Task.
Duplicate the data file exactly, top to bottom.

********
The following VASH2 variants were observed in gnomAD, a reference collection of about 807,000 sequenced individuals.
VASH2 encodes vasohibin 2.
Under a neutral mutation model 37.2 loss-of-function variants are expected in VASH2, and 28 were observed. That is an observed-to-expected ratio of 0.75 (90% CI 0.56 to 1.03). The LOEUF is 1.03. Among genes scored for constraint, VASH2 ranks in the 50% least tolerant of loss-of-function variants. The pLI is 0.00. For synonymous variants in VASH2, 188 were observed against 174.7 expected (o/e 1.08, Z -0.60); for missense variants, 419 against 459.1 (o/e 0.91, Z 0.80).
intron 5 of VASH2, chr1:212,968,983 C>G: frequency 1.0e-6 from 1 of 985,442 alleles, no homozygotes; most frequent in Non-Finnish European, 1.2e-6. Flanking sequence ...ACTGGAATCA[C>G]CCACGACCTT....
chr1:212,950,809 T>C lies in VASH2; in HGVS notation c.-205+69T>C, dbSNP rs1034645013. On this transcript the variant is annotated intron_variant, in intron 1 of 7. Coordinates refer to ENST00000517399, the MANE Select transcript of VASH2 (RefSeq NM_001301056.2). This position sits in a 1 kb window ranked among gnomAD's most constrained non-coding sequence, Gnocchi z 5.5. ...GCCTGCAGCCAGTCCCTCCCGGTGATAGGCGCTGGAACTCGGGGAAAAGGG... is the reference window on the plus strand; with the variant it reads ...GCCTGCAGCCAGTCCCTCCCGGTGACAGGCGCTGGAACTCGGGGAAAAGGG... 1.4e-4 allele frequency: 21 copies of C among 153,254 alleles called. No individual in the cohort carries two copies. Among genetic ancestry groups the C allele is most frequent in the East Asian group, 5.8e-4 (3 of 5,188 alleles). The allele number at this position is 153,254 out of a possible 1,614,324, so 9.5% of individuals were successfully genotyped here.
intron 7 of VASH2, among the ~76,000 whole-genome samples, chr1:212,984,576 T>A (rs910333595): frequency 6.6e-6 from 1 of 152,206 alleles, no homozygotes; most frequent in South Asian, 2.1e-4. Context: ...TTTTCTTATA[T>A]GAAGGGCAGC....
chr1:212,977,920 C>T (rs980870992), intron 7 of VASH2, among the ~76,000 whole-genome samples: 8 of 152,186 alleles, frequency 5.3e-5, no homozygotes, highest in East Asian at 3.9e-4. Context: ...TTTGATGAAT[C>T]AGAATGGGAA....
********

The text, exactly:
The following VASH2 variants were observed in gnomAD, a reference collection of about 807,000 sequenced individuals.
VASH2 encodes vasohibin 2.
Under a neutral mutation model 37.2 loss-of-function variants are expected in VASH2, and 28 were observed. That is an observed-to-expected ratio of 0.75 (90% CI 0.56 to 1.03). The LOEUF is 1.03. Among genes scored for constraint, VASH2 ranks in the 50% least tolerant of loss-of-function variants. The pLI is 0.00. For synonymous variants in VASH2, 188 were observed against 174.7 expected (o/e 1.08, Z -0.60); for missense variants, 419 against 459.1 (o/e 0.91, Z 0.80).
intron 5 of VASH2, chr1:212,968,983 C>G: frequency 1.0e-6 from 1 of 985,442 alleles, no homozygotes; most frequent in Non-Finnish European, 1.2e-6. Flanking sequence ...ACTGGAATCA[C>G]CCACGACCTT....
chr1:212,950,809 T>C lies in VASH2; in HGVS notation c.-205+69T>C, dbSNP rs1034645013. On this transcript the variant is annotated intron_variant, in intron 1 of 7. Coordinates refer to ENST00000517399, the MANE Select transcript of VASH2 (RefSeq NM_001301056.2). This position sits in a 1 kb window ranked among gnomAD's most constrained non-coding sequence, Gnocchi z 5.5. ...GCCTGCAGCCAGTCCCTCCCGGTGATAGGCGCTGGAACTCGGGGAAAAGGG... is the reference window on the plus strand; with the variant it reads ...GCCTGCAGCCAGTCCCTCCCGGTGACAGGCGCTGGAACTCGGGGAAAAGGG... 1.4e-4 allele frequency: 21 copies of C among 153,254 alleles called. No individual in the cohort carries two copies. Among genetic ancestry groups the C allele is most frequent in the East Asian group, 5.8e-4 (3 of 5,188 alleles). The allele number at this position is 153,254 out of a possible 1,614,324, so 9.5% of individuals were successfully genotyped here.
intron 7 of VASH2, among the ~76,000 whole-genome samples, chr1:212,984,576 T>A (rs910333595): frequency 6.6e-6 from 1 of 152,206 alleles, no homozygotes; most frequent in South Asian, 2.1e-4. Context: ...TTTTCTTATA[T>A]GAAGGGCAGC....
chr1:212,977,920 C>T (rs980870992), intron 7 of VASH2, among the ~76,000 whole-genome samples: 8 of 152,186 alleles, frequency 5.3e-5, no homozygotes, highest in East Asian at 3.9e-4. Context: ...TTTGATGAAT[C>T]AGAATGGGAA....